Cold War communication technology
The Diefenbunker: Canada’s Cold War Museum is a 9,290-square-metre (100,000-square-foot) underground bunker in Carp, Ontario – named for John Diefenbaker, Canada’s 13th Prime Minister. Located 30 minutes from downtown Ottawa, this engineering marvel was built as the secret subterranean headquarters for the Canadian Federal Government in response to the growing nuclear threat of the 1960s. In the event of a nuclear attack, designated officials would evacuate to the Diefenbunker, where they would continue to work and live for 30 days underground. Thankfully, the Diefenbunker was never used for its intended purpose. For 32 years, it did function as a military station, Canadian Forces Station Carp (CFS Carp). While a military station is smaller than a military base, CFS Carp had a secret weapon that made this station a mighty place: its communication technology.
Constructed from 1959-1961, it was essential that the bunker was equipped with the latest technology to ensure underground governance and outside communication. Being top secret, the bunker’s location had to be protected, so communication technology had to be developed with that in mind. To obscure its true location, the Diefenbunker was connected to five other satellite bunkers through 90 km (55 miles) of copper wire. This approach protected the Diefenbunker from potential bombings by relaying messages through the satellite bunkers to make it seem as though they had originated from the satellite bunkers themselves.
While at the bunker, you may recognize one popular piece of Cold War technology that many people may not: the rotary telephone. Since it was essential that communication be uninterrupted inside the bunker, landline phones served as the communication lifeline for two reasons: (1) radio signals and walkietalkie signals could be interfered with, and, (2) landlines could still be used even if a bomb were dropped on Ottawa. A direct line to the White House was also installed, but again never used. Even today, museum staff still use landline phones to locate or communicate with each other.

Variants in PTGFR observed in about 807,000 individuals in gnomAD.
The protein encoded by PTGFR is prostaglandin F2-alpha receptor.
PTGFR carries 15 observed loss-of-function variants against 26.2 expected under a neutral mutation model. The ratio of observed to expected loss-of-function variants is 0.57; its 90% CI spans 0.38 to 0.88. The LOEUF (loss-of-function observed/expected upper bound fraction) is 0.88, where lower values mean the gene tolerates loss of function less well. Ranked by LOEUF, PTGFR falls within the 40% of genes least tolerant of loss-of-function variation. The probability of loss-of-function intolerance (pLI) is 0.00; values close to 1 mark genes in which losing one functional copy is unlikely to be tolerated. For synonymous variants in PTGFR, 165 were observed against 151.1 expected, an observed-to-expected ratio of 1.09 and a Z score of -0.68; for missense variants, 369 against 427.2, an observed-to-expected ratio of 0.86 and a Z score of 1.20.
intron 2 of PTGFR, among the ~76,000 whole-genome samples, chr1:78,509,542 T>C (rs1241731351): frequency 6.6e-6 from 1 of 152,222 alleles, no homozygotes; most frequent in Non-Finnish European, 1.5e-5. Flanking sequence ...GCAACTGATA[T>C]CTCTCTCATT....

During the Cold War, newer communication technologies were installed. The Ottawa Semi- Automatic Exchange (OSAX), better known as our Top Secret Super Computer Room, was a giant faraday cage where signals of any type could not pass through. Starting in 1980, this state-of-the-art technology was the new way that the military could communicate and process information between bases and Allied countries. It had two Burroughs 4800 computers, which had a direct line to the Department of National Defence mainframe. These two powerful computers allowed the bunker to process over 100,000 monthly messages.
Another piece of technology added in the 1980s was the closed-circuit television communication system (CCTV). This technology used hard wires to connect all of the important rooms, which were equipped with at least one TV, one speaker/microphone and one camera. It is similar to FaceTime or Skype, but CCTV allows only connected rooms to access the closed-circuit signal, thereby ensuring that secret information could not be stolen.
The most impressive piece of Cold War communication technology is the radio rooms. The main military function of the bunker was as a communications station. Radio would be the most reliable way to communicate because, as long as a tower is still standing, the radio signal can be broadcast. The CBC Radio Studio was the main communication method for the government to share situational updates and next steps with Canadians. The Emergency Radio Station would have been used to reestablish contact with other military bases and services across Canada and the United States. This radio link transmitter was located 60 km away (37 miles) in Perth. Other connections were made possible in case the main transmitter was damaged. In addition to the Emergency Radio Room is the Amateur Radio Station Room. The station was started in 1984 by Emergency Preparedness Canada as a backup radio communication system. It could be used more freely and connect with any ham radio station or operator in the event that it was needed. The original call sign was VE3GOC. Since the bunker has become a museum, local radio enthusiasts have turned the station back on (becoming VE3CWM) and are actively taking care of the equipment and communicating all over the world each week.
All of these Cold War communication technologies are highlighted in the visitor’s experience here at the museum. Now, it’s time for you to experience them first hand at the Diefenbunker: Canada’s Cold War Museum.